Home Dating in the digital age: the good, the bad and everything in between

Dating in the digital age: the good, the bad and everything in between

by admin March 9, 2010

Dating in the digital age: the good, the bad and everything in between

by admin March 9, 2010

21-year-old Concordia student Heidi (not her real name) came home late, slightly tipsy, one night when she heard the recognizable “pop” of a message on Facebook Chat. She didn’t recognize the name, or even remember accepting the friend request, of the boy who had messaged her, but after a short conversation she figured out she had gone to high school with him, but they had never been formally introduced.
Impressed by his pictures and the links he had posted on his profile, they exchanged phone numbers and email addresses. Within days, the two began texting, emailing and sending each other private Facebook messages daily.
Heidi was enjoying her budding digital “relationship” and happy to be part of this modern day phenomenon. “He used vous instead of toi. I know it isn’t much but it melted my heart,” she said. “His writings were so passionate, beautiful.”
As the messages turned into steamy love letters, it came time for the obvious impending question: would she like to meet up in person?

For Heidi, the decision to meet up was easy, seeing as they had such a successful digital connection. Now you can probably guess what happened next. True love? Not quite. Apparently, the transition to a relationship in person from one online can be rather disappointing.
According to United States-based marriage and family therapist Karen Gail Lewis, when two individuals meet face-to-face, it doesn’t always live up to their expectations. She describes this situation as “pseudo-intimacy.”
“People are able to share more when they are not face-to-face,” said Lewis. “But that then prepares the other to expect the same type of closeness when together.”
This is what happened between Heidi and the boy she had been communicating with online.
“There was no connection,” said Heidi. “He was unattractive [in person], awkward and so different than the guy that made me smile every day.”
Gisèle Baxter, a lecturer at the University of British Columbia, feels it’s much easier to meet people online than in real life. She also believes that digital relationships have “ironically” encouraged real life representation.
“It is based on the assumption that people will use this method to maintain connection with real people already known to them, and reconnect with real people previously known to them,” said Baxter. “However, it is also common that for [Facebook to work] the same way as other internet communities, people “friend’ each other on the basis of shared interests.”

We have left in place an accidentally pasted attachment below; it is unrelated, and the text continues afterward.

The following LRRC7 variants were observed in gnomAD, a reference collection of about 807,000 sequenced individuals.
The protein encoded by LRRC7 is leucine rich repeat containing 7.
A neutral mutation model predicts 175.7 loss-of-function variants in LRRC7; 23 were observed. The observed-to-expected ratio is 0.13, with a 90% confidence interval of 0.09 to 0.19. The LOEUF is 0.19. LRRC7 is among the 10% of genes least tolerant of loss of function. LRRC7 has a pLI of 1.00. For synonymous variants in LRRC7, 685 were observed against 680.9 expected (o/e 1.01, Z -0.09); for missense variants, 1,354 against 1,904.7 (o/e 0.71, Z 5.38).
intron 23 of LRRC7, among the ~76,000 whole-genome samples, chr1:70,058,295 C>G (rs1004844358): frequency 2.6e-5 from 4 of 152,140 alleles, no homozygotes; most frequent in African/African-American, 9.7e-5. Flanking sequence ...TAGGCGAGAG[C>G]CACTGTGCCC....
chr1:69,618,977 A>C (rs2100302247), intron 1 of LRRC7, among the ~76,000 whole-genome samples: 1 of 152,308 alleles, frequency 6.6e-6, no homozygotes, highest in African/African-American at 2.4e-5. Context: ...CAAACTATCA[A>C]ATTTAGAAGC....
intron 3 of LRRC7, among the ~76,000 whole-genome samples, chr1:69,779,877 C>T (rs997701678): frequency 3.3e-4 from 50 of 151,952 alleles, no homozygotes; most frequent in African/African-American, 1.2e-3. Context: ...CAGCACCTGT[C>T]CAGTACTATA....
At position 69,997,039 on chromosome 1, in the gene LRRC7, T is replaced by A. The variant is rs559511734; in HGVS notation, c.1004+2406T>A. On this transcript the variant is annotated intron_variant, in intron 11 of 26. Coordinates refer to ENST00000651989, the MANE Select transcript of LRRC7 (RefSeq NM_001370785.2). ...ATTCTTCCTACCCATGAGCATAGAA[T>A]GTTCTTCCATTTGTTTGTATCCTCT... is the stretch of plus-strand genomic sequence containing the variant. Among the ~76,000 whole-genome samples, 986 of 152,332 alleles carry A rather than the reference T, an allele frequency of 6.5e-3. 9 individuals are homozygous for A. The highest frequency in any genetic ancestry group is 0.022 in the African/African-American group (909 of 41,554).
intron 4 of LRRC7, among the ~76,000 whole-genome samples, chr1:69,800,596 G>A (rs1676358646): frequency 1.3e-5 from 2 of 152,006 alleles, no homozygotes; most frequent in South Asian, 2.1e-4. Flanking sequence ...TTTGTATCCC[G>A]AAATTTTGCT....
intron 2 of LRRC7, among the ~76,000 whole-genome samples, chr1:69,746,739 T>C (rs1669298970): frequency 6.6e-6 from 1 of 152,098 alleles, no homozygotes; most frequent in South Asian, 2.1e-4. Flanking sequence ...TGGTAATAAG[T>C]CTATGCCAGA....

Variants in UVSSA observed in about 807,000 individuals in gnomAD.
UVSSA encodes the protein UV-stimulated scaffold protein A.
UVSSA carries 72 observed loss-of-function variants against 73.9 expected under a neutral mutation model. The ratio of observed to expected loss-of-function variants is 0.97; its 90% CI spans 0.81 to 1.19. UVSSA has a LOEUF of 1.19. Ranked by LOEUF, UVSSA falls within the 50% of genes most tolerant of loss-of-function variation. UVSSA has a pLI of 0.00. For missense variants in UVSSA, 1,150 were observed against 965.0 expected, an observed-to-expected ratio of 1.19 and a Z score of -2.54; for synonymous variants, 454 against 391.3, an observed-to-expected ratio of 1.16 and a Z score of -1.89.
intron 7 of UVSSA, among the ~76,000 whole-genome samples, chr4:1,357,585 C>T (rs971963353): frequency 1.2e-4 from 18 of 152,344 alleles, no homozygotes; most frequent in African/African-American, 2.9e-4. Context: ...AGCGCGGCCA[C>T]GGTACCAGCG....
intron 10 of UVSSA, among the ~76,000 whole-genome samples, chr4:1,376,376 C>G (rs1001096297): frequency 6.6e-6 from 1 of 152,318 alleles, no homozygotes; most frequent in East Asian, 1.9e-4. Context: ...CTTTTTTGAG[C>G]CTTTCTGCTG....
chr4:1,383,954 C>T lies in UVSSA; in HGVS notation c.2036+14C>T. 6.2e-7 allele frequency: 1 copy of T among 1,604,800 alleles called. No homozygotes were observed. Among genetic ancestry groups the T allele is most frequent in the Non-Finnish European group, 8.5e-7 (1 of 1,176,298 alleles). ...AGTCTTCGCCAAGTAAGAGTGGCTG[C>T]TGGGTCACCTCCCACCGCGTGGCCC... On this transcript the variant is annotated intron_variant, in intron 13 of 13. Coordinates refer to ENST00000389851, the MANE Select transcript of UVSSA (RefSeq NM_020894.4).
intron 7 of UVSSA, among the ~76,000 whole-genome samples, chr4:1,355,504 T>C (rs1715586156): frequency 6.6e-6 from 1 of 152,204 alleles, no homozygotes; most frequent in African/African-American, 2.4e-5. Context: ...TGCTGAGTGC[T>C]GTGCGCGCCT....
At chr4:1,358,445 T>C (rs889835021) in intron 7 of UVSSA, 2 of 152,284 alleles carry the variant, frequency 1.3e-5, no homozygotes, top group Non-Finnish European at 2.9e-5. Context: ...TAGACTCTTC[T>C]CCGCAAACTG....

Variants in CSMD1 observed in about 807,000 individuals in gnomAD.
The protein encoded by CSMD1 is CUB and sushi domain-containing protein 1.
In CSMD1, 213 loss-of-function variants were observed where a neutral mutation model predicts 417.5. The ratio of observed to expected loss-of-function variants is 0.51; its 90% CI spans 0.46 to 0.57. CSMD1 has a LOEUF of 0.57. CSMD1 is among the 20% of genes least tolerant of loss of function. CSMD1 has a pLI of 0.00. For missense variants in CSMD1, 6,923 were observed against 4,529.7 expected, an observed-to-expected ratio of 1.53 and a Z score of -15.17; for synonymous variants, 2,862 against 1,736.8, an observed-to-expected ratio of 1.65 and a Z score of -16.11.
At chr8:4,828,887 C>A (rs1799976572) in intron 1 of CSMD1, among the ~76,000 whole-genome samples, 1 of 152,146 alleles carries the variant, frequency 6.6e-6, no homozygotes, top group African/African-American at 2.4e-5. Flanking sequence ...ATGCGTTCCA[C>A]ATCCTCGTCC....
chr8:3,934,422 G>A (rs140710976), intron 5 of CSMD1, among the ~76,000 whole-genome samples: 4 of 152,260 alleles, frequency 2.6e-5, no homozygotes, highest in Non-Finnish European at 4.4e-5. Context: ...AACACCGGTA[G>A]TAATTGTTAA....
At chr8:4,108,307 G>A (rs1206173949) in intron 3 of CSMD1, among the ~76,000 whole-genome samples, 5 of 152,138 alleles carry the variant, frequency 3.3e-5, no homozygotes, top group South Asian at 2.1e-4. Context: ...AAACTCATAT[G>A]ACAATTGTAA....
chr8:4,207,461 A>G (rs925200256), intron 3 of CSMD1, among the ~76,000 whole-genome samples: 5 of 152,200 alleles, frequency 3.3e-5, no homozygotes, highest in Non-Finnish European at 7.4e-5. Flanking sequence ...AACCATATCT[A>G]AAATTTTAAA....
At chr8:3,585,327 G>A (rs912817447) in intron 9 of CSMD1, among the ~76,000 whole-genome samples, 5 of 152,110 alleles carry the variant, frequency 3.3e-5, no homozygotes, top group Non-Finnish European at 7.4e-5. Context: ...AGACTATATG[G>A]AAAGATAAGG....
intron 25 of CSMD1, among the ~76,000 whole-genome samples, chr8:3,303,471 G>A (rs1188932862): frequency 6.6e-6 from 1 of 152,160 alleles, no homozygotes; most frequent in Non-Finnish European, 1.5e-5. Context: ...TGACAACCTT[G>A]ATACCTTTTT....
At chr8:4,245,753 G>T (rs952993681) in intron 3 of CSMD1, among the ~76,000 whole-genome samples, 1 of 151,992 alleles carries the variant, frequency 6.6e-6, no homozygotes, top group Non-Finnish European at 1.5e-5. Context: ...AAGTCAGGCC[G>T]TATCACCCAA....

Regardless of whether or not people are keeping relationships on or offline, individuals’ perceptions and their level of comfort when it comes to meeting someone online seem to have changed.
Facebook founder Mark Zuckerberg said in an interview with TechCrunch founder Michael Arrington in early January that “people have really gotten comfortable not only sharing more information and different kinds, but more openly and with more people. That social norm is just something that has evolved over time.”
Barbara Mitchell, a researcher and faculty member who specializes in intergenerational relations at Simon Fraser University, said the Internet gives individuals the opportunity to find people more suited to their desires and personal tastes.
“You can very efficiently screen people with respect to their hobbies, values, aspirations, and personal characteristics such as age, gender, education, and marital status,” said Mitchell. “In a bar, for example, you are more reliant on physical appearance right away.”
This online forum means that ladies can wear sweats when on the prowl, and that guys don’t need to worry about shaving. Moreover, individuals now have access to literally millions of fish in the sea through the web. But is digital dating just a cover for utter laziness?
Mitchell isn’t convinced this is the case.

“One can argue that these new forms of communication can allow for stronger bonds because it is faster, cheaper and easier to maintain relationships,” said Mitchell.
Baxter also points to the ease of use, along with convenience, to explain why so many people are looking for relationships online.
“Young people are under a lot of pressure from school, work, and activities that are very goal-oriented and while they might constantly put them in situations where they meet a lot of people, it doesn’t give them a lot of time to relax with those people,” said Baxter. “Internet communities can be accessed whenever it’s convenient.”
Though there is a fair share of sketchy online dating forums available, Baxter says, Internet dating websites are used a lot more often than one might expect.

“A broad variety of people are using them for everything from casual hookups to the search for a marriage mate,” she said.
In fact, sites are often tailored to very specific groups and their particular wants or needs, such as JDate aimed at Jewish people looking to meet fellow Jews.
Regardless of whether you consider the Internet to be your ticket to love or if you view it as the death of romance, there’s no denying that it has opened up a wide variety of dating options that had previously not existed. As prevalent as digital dating forums have become, the decision is ultimately up to the individual and what they feel comfortable with. Still, it never hurts to keep an open-mind. Who knows, perhaps you will find your next romance or friendship in the online realm.